I’m so far out of that ballpark, I can’t see home plate.

So I Googled “starting after 70.”  My search yielded nothing but information about Social Security and when to start drawing on my IRA (if I had one) and topics more medically inclined.

I’m reminded of Tom Lehrer’s great line from one of his comedy albums:  “It is a sobering thought that when Mozart was my age, he’d been dead for two years.”  I can only imagine how many great artists were long dead by the time they were my age.

From my view, it’s never too late to start painting or anything else you’re passionate about.  I don’t subscribe to the “do what you love and the money will follow” line of thinking, although money is a terrific fringe benefit.  It’s the “follow your bliss” line that appeals to me more.

The painters before me followed their bliss.  Theirs is not my bliss.  But I’m grateful they led the way.  I don’t expect to see my work in big, expensive books of art or museums, but that’s okay.

Painting now is a gift to myself.  Think about the gifts you can give yourself.  We deserve them at any age.

Writer E.L. Doctorow once wrote:  “Writing a novel is like driving a car at night: you can never see further than your headlights, but you can make the whole trip that way.”

I know about writing novels.  Now, I’m following the headlights with my painting.

 

 

The Right Color and the Almost Right Color

Mark Twain once wrote that the difference between the right word and the almost right word is the difference between lightning and the lightning bug.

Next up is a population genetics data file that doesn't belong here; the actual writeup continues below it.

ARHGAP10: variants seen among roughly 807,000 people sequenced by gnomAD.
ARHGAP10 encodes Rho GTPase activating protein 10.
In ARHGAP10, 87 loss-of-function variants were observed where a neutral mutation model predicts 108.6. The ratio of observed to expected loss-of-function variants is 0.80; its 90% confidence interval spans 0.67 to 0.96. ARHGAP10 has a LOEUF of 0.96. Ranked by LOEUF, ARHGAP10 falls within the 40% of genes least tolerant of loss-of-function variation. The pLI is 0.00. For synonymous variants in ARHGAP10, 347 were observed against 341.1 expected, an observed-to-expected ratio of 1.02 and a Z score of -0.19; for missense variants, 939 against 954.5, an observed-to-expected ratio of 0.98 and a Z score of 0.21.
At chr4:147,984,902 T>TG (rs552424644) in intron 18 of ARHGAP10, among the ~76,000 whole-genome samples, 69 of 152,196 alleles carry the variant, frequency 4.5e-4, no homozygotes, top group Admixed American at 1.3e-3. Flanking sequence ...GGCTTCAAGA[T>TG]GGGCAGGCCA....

This week I had an artist’s equivalent dilemma.

Working on a new painting, I had come to a place where much of it was pleasing to me, but for one remaining large section I knew just the color I wanted.  You’d laugh to see the number of tubes of paint I have in every color of the rainbow.  And I laughed at myself, too.

How, out of all those tubes of paint, could I not have – or mix – the color I wanted?

But paint colors, like words, are specific.  The chemistry of paint is a fascinating subject and variations among different manufacturers are equally fascinating.

I often experiment with the paintings and try out combinations that work or don’t, that please me or don’t and then get busy layering on something different until I’m satisfied and stop.

In this case, however, there was no experimenting to be done.  In my mind’s eye, I knew exactly the color I wanted and why – how it would balance the rest of the work and why I could not just mix up a batch of the “almost right color.”

The particular color I had in mind is Golden’s Azurite Hue, which has some magical quality that a paint chemist could explain.  I’m not that paint chemist.   I use this color often, sometimes full-strength, but in this case I wanted it as a glaze over underpainting that I didn’t want to cover.  And the tube had run dry.

So, I put aside all ideas of mixing and took myself to my favorite art supply store, Artist’s and Craftsman in San Diego, to pick up a new tube of Azurite Hue.

The almost right word is never as satisfying – or as accurate – as the right word.  And neither is the almost right paint color.

Here’s the finished, so far untitled, piece with two coats of Azurite Hue glaze on the left.  Once in a while the mind’s eye and reality match up rather nicely.